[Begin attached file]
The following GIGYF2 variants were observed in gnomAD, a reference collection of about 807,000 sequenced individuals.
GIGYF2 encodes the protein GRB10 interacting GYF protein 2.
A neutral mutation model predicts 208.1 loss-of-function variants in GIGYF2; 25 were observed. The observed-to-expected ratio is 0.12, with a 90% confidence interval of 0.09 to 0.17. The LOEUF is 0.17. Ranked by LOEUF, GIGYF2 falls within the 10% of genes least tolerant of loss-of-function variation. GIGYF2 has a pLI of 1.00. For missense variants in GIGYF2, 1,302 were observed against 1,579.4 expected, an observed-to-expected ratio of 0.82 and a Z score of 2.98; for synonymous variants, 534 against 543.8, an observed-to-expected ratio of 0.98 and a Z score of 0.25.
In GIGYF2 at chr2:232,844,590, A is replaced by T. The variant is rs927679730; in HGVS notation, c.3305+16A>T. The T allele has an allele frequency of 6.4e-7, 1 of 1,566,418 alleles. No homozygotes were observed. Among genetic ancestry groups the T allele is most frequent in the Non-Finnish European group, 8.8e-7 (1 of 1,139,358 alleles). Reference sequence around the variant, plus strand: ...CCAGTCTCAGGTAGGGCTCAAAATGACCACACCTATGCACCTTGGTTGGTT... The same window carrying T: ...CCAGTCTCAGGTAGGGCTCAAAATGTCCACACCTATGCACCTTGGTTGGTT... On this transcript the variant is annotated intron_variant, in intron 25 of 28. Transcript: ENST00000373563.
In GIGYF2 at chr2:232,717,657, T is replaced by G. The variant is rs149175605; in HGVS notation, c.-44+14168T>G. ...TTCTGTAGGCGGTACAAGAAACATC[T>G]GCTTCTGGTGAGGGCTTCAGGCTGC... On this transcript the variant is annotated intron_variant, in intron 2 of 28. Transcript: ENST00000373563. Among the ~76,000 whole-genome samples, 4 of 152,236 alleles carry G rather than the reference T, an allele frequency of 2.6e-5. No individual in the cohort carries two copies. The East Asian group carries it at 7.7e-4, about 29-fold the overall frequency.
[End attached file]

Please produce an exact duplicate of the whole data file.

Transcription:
The following GIGYF2 variants were observed in gnomAD, a reference collection of about 807,000 sequenced individuals.
GIGYF2 encodes the protein GRB10 interacting GYF protein 2.
A neutral mutation model predicts 208.1 loss-of-function variants in GIGYF2; 25 were observed. The observed-to-expected ratio is 0.12, with a 90% confidence interval of 0.09 to 0.17. The LOEUF is 0.17. Ranked by LOEUF, GIGYF2 falls within the 10% of genes least tolerant of loss-of-function variation. GIGYF2 has a pLI of 1.00. For missense variants in GIGYF2, 1,302 were observed against 1,579.4 expected, an observed-to-expected ratio of 0.82 and a Z score of 2.98; for synonymous variants, 534 against 543.8, an observed-to-expected ratio of 0.98 and a Z score of 0.25.
In GIGYF2 at chr2:232,844,590, A is replaced by T. The variant is rs927679730; in HGVS notation, c.3305+16A>T. The T allele has an allele frequency of 6.4e-7, 1 of 1,566,418 alleles. No homozygotes were observed. Among genetic ancestry groups the T allele is most frequent in the Non-Finnish European group, 8.8e-7 (1 of 1,139,358 alleles). Reference sequence around the variant, plus strand: ...CCAGTCTCAGGTAGGGCTCAAAATGACCACACCTATGCACCTTGGTTGGTT... The same window carrying T: ...CCAGTCTCAGGTAGGGCTCAAAATGTCCACACCTATGCACCTTGGTTGGTT... On this transcript the variant is annotated intron_variant, in intron 25 of 28. Transcript: ENST00000373563.
In GIGYF2 at chr2:232,717,657, T is replaced by G. The variant is rs149175605; in HGVS notation, c.-44+14168T>G. ...TTCTGTAGGCGGTACAAGAAACATC[T>G]GCTTCTGGTGAGGGCTTCAGGCTGC... On this transcript the variant is annotated intron_variant, in intron 2 of 28. Transcript: ENST00000373563. Among the ~76,000 whole-genome samples, 4 of 152,236 alleles carry G rather than the reference T, an allele frequency of 2.6e-5. No individual in the cohort carries two copies. The East Asian group carries it at 7.7e-4, about 29-fold the overall frequency.